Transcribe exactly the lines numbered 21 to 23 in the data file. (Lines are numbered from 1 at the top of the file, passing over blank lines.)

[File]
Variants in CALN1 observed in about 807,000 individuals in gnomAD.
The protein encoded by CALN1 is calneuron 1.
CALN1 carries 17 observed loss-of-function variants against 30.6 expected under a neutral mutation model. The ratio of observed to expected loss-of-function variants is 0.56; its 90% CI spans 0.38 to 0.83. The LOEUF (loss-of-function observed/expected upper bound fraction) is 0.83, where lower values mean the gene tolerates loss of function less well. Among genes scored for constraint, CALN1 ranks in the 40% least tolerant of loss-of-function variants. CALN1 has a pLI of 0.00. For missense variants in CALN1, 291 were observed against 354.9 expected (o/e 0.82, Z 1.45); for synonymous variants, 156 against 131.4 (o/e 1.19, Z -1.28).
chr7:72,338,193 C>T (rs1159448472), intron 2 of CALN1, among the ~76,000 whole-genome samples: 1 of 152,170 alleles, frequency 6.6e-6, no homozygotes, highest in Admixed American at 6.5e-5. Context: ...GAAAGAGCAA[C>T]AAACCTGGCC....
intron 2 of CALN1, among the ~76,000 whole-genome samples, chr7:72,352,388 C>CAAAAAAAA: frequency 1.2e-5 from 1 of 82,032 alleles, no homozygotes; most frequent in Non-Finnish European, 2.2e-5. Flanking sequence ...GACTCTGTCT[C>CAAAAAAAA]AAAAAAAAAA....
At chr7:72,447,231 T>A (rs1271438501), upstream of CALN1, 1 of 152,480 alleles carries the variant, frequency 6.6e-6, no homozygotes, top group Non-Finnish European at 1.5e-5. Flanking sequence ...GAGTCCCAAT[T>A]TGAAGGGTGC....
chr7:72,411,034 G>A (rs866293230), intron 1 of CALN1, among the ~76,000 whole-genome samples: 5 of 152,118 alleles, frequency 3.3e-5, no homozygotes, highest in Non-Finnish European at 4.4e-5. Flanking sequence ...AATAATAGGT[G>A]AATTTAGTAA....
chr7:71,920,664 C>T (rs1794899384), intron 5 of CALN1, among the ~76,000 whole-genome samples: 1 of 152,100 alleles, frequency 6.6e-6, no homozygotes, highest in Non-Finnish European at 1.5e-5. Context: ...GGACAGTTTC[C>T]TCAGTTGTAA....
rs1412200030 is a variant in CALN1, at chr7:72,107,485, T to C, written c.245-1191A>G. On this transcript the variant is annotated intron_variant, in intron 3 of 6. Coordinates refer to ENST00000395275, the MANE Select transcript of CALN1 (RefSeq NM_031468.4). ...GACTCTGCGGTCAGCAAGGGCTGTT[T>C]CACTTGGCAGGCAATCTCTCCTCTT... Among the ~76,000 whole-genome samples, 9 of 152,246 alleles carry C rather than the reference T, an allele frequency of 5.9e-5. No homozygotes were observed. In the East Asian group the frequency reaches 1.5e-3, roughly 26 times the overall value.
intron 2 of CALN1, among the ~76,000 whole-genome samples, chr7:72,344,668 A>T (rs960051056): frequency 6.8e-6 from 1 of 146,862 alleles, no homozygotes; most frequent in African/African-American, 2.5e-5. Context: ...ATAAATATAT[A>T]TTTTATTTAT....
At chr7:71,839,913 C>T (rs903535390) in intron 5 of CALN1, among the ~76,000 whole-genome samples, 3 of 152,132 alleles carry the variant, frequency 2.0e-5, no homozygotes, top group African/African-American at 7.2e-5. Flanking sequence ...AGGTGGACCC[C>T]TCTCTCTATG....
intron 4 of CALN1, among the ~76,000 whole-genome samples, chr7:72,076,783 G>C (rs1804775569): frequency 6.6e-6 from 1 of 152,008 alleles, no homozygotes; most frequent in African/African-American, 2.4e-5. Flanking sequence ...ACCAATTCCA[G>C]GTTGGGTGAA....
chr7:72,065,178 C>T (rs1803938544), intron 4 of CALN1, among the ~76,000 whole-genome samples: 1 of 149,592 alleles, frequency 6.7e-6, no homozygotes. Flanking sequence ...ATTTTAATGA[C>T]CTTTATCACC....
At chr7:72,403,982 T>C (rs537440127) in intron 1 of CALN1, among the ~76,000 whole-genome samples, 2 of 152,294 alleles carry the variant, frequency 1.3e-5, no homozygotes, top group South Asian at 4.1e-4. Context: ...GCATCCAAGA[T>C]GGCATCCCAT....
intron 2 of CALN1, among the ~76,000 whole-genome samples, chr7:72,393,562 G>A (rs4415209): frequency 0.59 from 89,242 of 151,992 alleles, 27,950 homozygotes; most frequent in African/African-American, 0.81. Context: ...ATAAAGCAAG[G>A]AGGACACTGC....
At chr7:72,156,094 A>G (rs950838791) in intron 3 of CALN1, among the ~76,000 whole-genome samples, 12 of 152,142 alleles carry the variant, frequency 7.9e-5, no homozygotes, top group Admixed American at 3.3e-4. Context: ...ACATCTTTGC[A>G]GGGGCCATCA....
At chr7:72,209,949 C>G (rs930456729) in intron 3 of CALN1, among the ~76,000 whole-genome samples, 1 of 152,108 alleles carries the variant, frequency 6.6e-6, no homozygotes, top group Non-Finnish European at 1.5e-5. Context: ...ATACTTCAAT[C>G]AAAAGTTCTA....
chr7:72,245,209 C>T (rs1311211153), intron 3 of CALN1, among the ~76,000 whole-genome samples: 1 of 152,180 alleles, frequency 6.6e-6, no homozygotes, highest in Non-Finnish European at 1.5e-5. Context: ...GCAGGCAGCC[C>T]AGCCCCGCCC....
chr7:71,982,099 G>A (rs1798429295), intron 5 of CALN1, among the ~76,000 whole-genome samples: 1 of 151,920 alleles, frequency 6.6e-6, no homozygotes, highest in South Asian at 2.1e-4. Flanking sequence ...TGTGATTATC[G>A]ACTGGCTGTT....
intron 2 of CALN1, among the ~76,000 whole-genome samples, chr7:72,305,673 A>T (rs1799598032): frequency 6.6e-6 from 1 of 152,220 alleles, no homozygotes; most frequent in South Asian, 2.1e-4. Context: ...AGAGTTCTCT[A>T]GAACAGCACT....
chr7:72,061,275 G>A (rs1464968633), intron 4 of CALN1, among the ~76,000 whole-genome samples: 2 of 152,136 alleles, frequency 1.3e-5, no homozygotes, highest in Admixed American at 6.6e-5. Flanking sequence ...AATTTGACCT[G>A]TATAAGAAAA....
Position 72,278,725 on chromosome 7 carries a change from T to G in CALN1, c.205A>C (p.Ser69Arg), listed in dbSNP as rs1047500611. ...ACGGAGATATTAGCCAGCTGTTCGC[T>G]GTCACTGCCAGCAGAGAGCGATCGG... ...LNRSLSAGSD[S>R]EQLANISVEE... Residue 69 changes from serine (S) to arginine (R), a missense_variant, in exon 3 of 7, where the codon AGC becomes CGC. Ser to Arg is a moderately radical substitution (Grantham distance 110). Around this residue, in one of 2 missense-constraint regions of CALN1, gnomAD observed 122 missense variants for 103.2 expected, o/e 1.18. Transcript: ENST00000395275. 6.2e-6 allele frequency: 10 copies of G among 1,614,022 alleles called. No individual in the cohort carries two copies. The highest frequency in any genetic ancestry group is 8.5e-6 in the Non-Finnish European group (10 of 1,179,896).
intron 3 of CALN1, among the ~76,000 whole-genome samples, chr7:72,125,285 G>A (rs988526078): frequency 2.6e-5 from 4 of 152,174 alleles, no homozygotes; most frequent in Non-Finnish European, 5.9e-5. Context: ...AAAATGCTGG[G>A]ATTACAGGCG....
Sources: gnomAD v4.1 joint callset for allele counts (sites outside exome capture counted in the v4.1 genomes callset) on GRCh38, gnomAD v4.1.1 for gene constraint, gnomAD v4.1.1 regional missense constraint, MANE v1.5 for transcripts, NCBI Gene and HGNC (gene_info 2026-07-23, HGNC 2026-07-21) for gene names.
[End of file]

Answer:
chr7:72,061,275 G>A (rs1464968633), intron 4 of CALN1, among the ~76,000 whole-genome samples: 2 of 152,136 alleles, frequency 1.3e-5, no homozygotes, highest in Admixed American at 6.6e-5. Flanking sequence ...AATTTGACCT[G>A]TATAAGAAAA....
Position 72,278,725 on chromosome 7 carries a change from T to G in CALN1, c.205A>C (p.Ser69Arg), listed in dbSNP as rs1047500611. ...ACGGAGATATTAGCCAGCTGTTCGC[T>G]GTCACTGCCAGCAGAGAGCGATCGG... ...LNRSLSAGSD[S>R]EQLANISVEE... Residue 69 changes from serine (S) to arginine (R), a missense_variant, in exon 3 of 7, where the codon AGC becomes CGC. Ser to Arg is a moderately radical substitution (Grantham distance 110). Around this residue, in one of 2 missense-constraint regions of CALN1, gnomAD observed 122 missense variants for 103.2 expected, o/e 1.18. Transcript: ENST00000395275. 6.2e-6 allele frequency: 10 copies of G among 1,614,022 alleles called. No individual in the cohort carries two copies. The highest frequency in any genetic ancestry group is 8.5e-6 in the Non-Finnish European group (10 of 1,179,896).
intron 3 of CALN1, among the ~76,000 whole-genome samples, chr7:72,125,285 G>A (rs988526078): frequency 2.6e-5 from 4 of 152,174 alleles, no homozygotes; most frequent in Non-Finnish European, 5.9e-5. Context: ...AAAATGCTGG[G>A]ATTACAGGCG....